July 2013 Index

August 22, 2013

Are Interest Rate Increases Signaling Higher Inflation on the Horizon?

Since bottoming in 2012, U.S. interest rates have been rising — the exception being short-term interest rates, which are set by the Federal Reserve. There are a few key reasons for the rise in rates. The most often cited reason is the feared end of QE by the Federal Reserve. If the Fed stops buying bonds, who else will fund the U.S. government. The bottom line is that after declining for 32 years, interest rates got too low, and now the interest rate that investors require to buy bonds maturing in three years or more have gone up significantly…and look like they are headed higher still. Another reason for the rise is the fact that investors believe the low returns on bonds in recent years are not enough to protect their principal from the purchasing power decline that comes from a rising cost of living. This is not just a U.S. phenomenon.

The rapidly rising U.S. interest rates are having important effects on world markets; one of them is the sudden decline in certain emerging market currencies. India, Brazil, Turkey, Indonesia, and other countries have seen their currencies slide in recent weeks. Central banks are acting to slow currency declines to fend off uncomfortable increases in inflation that result. Inflation can be hard to contain and can spill across national or regional borders.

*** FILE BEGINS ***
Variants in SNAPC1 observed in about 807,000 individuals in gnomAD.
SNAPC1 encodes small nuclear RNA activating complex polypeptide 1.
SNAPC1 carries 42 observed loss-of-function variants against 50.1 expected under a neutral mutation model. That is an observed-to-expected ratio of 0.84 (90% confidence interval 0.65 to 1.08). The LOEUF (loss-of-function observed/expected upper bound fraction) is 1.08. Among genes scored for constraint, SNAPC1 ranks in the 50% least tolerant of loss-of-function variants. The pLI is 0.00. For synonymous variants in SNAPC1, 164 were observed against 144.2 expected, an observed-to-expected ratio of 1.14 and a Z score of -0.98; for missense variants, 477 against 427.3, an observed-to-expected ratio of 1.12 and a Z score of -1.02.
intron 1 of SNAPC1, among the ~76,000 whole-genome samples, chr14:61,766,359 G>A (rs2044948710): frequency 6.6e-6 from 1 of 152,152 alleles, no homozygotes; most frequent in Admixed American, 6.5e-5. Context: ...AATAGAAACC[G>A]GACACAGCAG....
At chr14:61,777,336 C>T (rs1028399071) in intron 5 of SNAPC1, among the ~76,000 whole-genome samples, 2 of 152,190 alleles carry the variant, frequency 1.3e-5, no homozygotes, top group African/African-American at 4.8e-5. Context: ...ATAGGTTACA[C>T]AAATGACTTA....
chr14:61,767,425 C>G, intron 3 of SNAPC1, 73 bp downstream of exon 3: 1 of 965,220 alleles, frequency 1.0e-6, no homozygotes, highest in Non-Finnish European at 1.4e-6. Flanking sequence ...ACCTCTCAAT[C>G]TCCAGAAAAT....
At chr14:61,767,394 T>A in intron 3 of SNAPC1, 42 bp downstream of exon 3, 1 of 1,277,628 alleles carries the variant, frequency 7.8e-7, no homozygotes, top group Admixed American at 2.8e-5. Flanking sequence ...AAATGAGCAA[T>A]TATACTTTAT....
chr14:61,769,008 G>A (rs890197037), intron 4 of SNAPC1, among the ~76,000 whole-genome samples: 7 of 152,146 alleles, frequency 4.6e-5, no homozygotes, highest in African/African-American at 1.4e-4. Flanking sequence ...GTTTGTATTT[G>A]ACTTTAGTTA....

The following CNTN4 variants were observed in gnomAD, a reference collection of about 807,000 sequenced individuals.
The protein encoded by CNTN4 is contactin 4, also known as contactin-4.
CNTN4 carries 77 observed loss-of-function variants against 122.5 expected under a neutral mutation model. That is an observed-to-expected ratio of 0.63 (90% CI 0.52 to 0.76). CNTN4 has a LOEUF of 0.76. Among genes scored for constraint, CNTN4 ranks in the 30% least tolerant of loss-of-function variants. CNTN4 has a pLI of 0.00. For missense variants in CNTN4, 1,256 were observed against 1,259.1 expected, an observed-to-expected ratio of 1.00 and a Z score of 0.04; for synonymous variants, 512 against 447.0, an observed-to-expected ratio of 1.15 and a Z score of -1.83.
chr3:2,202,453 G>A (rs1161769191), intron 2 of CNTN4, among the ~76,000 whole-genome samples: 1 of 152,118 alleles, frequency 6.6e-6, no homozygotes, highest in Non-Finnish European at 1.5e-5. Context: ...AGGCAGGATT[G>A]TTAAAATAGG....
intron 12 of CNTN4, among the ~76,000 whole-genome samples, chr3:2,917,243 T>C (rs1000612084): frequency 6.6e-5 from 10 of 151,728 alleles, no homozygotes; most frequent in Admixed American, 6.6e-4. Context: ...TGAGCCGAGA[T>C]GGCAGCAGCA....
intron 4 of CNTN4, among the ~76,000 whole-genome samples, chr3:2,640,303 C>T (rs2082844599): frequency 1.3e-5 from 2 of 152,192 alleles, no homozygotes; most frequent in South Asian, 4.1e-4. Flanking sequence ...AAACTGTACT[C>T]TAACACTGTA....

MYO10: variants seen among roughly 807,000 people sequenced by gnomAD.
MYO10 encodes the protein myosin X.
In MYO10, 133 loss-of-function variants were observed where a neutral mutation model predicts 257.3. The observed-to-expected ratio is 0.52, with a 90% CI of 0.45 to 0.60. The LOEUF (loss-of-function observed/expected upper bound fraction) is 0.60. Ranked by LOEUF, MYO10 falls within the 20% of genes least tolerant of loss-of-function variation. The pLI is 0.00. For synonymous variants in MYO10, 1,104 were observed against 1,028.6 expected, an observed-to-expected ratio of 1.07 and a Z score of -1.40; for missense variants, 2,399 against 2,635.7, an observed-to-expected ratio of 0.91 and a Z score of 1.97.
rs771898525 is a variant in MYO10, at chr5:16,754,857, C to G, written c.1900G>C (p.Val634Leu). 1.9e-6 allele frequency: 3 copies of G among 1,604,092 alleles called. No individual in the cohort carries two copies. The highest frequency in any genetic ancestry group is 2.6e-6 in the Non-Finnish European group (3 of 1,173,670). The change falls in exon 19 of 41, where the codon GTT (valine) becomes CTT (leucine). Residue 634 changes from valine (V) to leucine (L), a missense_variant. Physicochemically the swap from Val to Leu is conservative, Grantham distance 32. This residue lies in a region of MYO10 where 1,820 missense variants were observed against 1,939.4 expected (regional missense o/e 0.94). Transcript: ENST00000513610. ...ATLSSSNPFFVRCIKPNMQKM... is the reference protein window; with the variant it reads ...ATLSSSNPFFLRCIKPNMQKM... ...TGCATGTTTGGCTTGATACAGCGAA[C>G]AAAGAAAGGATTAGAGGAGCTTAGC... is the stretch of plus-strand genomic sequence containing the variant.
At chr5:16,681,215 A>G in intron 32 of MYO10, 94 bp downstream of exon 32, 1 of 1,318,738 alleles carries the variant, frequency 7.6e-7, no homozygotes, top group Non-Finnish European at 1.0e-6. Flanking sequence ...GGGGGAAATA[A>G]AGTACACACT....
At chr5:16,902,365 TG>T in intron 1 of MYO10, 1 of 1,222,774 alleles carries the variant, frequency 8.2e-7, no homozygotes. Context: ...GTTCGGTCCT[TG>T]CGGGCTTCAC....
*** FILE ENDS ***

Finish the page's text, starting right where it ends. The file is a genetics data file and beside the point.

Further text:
Last year and earlier this year, we wrote about how inflation around the globe had moderated. However, it appears that this trend may be coming to an end. While not yet high in the developed world, price increases in the developing world should be closely monitored to see when they will arrive on our shores. For example, food commodities rising in price in India due to poor rainfall during the annual monsoon will effect the price of food commodities on the other side of the world. This is one reason we are watching the prices of certain basic needs closely and are tracking them here, in our Guild Basic Needs IndexTM (GBNI) to see if and when price changes abroad spill over into the U.S.